Watch what can happen when killer whales tangle with great white sharks

Great white sharks are the epitome of an apex predator. In the ocean, these toothy creatures easily hold one of the top spots on the food chain (though the odds of one killing a human are 1 in 3,700,000). But recent drone and helicopter footage of an aquatic attack reveals that another marine mammal seems to have an upper hand. 

For the first time, biologists filmed direct evidence of killer whales attacking and killing white sharks in South Africa. The first video was captured by drone in May 2022 in the Mossel Bay region, revealing three orcas cornering and fatally biting a three meter-length white shark. The shark’s body was not seen or recovered after the bloody battle. This video, along with extended helicopter footage of this attack and shark tag data, were published this week in the journal Ecology

The first video recorded by a drone pilot was initially released in June, but the team later received cell phone footage recorded from a helicopter pilot that had been filmed on the same day. They were able to identify that the killer whales in the helicopter video were the same ones in the drone pilot video—spotting a particularly well-known shark hunter, named Starboard. The evidence suggests that the pod had gone on an hour-long hunting spree, killing potentially four white sharks in total. The researchers decided to adjust and resubmit the paper with the new information. This provides new insight into the rarely-seen evasive behavior of great whites—a species that had once dominated South African waters but is now experiencing a rapid decline

“I still remember viewing the footage for the first time and feeling a whole mixed bag of emotions,” Alison Towner, lead study author and senior shark scientist at Marine Dynamic Academy in Gansbaai, South Africa, told PopSci in an email. “We had been analyzing evidence on these interactions since 2017 and had often been challenged on whether this really was occurring in South Africa. I guess the footage put those questions to bed as it is irrefutable evidence that orcas are hunting white sharks here.”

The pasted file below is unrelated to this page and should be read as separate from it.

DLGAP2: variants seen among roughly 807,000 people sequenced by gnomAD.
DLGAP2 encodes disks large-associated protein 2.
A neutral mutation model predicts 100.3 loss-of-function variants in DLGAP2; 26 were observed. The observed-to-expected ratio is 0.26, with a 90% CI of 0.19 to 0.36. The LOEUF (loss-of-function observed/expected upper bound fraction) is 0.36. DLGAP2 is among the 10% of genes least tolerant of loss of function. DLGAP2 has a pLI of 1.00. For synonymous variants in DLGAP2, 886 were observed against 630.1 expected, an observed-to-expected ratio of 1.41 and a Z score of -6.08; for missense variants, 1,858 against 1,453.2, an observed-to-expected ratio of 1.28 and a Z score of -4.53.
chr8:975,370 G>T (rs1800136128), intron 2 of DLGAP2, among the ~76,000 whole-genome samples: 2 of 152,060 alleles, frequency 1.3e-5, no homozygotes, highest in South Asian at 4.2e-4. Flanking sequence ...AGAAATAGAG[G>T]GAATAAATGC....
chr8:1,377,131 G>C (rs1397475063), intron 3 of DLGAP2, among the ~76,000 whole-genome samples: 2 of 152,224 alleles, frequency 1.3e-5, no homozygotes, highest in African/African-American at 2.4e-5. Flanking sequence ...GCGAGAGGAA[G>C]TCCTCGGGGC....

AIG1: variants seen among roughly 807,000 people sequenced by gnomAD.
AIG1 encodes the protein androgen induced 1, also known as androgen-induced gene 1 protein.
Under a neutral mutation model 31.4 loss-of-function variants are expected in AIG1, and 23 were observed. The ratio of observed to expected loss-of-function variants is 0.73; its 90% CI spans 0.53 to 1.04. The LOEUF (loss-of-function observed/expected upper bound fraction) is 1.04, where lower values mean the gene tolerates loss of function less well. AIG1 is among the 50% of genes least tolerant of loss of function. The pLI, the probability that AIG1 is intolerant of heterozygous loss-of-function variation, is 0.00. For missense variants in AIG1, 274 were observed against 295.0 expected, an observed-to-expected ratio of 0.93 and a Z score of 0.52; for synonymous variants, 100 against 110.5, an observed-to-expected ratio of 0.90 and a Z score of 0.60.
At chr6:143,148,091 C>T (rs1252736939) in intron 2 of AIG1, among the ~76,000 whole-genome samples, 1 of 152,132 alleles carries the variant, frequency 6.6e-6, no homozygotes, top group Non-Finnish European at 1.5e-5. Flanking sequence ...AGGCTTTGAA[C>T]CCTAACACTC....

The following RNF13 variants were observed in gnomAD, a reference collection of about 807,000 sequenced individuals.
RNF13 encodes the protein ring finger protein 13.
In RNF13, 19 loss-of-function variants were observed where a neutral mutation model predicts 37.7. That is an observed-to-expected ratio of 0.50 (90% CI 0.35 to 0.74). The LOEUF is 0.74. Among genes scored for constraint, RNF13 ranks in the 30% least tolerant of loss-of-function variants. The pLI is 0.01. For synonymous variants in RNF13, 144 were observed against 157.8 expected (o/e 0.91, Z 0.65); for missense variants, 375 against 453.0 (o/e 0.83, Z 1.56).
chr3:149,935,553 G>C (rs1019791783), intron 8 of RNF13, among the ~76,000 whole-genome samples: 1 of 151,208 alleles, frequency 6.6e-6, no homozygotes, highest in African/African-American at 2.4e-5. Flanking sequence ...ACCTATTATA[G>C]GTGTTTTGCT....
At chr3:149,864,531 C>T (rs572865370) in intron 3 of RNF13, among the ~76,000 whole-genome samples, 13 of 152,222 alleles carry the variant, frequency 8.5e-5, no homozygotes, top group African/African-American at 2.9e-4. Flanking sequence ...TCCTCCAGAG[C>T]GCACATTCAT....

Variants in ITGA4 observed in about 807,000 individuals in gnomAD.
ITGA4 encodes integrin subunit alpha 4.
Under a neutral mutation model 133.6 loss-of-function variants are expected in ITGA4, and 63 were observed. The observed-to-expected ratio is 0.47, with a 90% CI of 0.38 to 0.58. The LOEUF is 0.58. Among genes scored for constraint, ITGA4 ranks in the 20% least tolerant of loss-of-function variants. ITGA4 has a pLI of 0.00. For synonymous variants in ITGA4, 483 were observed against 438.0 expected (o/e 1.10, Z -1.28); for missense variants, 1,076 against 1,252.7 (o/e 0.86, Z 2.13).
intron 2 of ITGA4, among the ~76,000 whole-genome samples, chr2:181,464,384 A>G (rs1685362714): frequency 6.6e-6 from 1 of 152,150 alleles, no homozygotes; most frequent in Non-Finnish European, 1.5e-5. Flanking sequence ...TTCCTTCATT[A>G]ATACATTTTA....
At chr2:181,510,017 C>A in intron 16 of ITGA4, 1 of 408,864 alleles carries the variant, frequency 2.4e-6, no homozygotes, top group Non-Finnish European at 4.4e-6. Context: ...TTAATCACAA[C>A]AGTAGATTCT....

[Related: Even blue whales aren’t safe from orcas]

Orcas are like “wolves of the ocean,” says Towner—they commonly capture prey in organized pods. In two of the recorded attacks, the team was able to witness the killer whales slowly and closely approach sharks. Instead of fleeing, the great white will swim in tight circles around the orca while keeping it within sight—sharks being highly visual creatures. This is a common strategy that seals and turtles also use to successfully evade sharks, explains Towner. But since killer whales hunt in groups, the tactic might not be as effective. 

“I was in awe of how the orcas strategize and hunt but one cannot help but feel for the sharks, too,” Towner says. “It’s quite haunting seeing white sharks being circled and killed by larger predators.” 

Particularly, the orcas seem to have a taste for liver. The video shows them chomping on the sharks’ abdomen and tearing out their liver, which could be seen floating to the surface where the killer whale gobbles it up. White sharks’ livers are oily and nutrient-rich, making an ideal meal, Towner explains. The footage gives an explanation for previous shark carcasses washed ashore that were missing livers, the team wrote in the study. 

This might actually be a relatively common phenomenon. Killer whales are the only known marine predator of great white sharks. In South Africa, Starboard, and partner-in-crime Port, have been reported preying on other shark species and have been linked to white shark deaths since around 2017, but this is the first time the showdown was seen in action. Before killer whales started hunting in Mossel Bay, white sharks were frequently seen—sometimes recorded every day by research surveys. The study authors collected drone and dive boat data before and after the predation events, and found that white sharks fled the area immediately after the attacks. Only a single white shark was seen in 45 days after the predations were reported. 

[Related: Great whites don’t hunt humans—they just have blind spots]

“Killer whales are highly intelligent and social animals,” marine mammal specialist and study co-author Simon Elwen said in a press release. They are known to learn and pick up behaviors or skills from each other in their unique cultural system

If the hunting practice spreads among killer whales over time, it might be tough to be a shark in South African waters. Orcas are already pushing great whites out of Gansbaai, a fishing town east of Cape Town that’s popular for shark tourism. Human-caused climate change and fishery activity have already been linked to the decline of shark populations, Towner explains. Orcas pose an additional pressure into the mix, motivating Towner and researchers to closely monitor shark and orca dynamics, and the potential influences it might have on South Africa’s ocean ecosystem. 

“While these interactions may be fascinating it is important to understand that white sharks face a whole host of threats in South Africa and now orcas are an additional threat to their already fragile populations,” Towner says. “This information will need to be considered in future studies and in management moving forward here in South Africa.”

Lauren J. Young Avatar

Lauren J. Young

Associate Editor

Lauren J. Young is an Associate Editor at Popular Science where she covers health inequities, environmental justice, biodiversity, space exploration, history, and culture. Before joining PopSci in 2021, she was a digital producer and reporter at public radio’s Science Friday. While she’s a science journalist by day, she’s a proud library assistant by night.

Share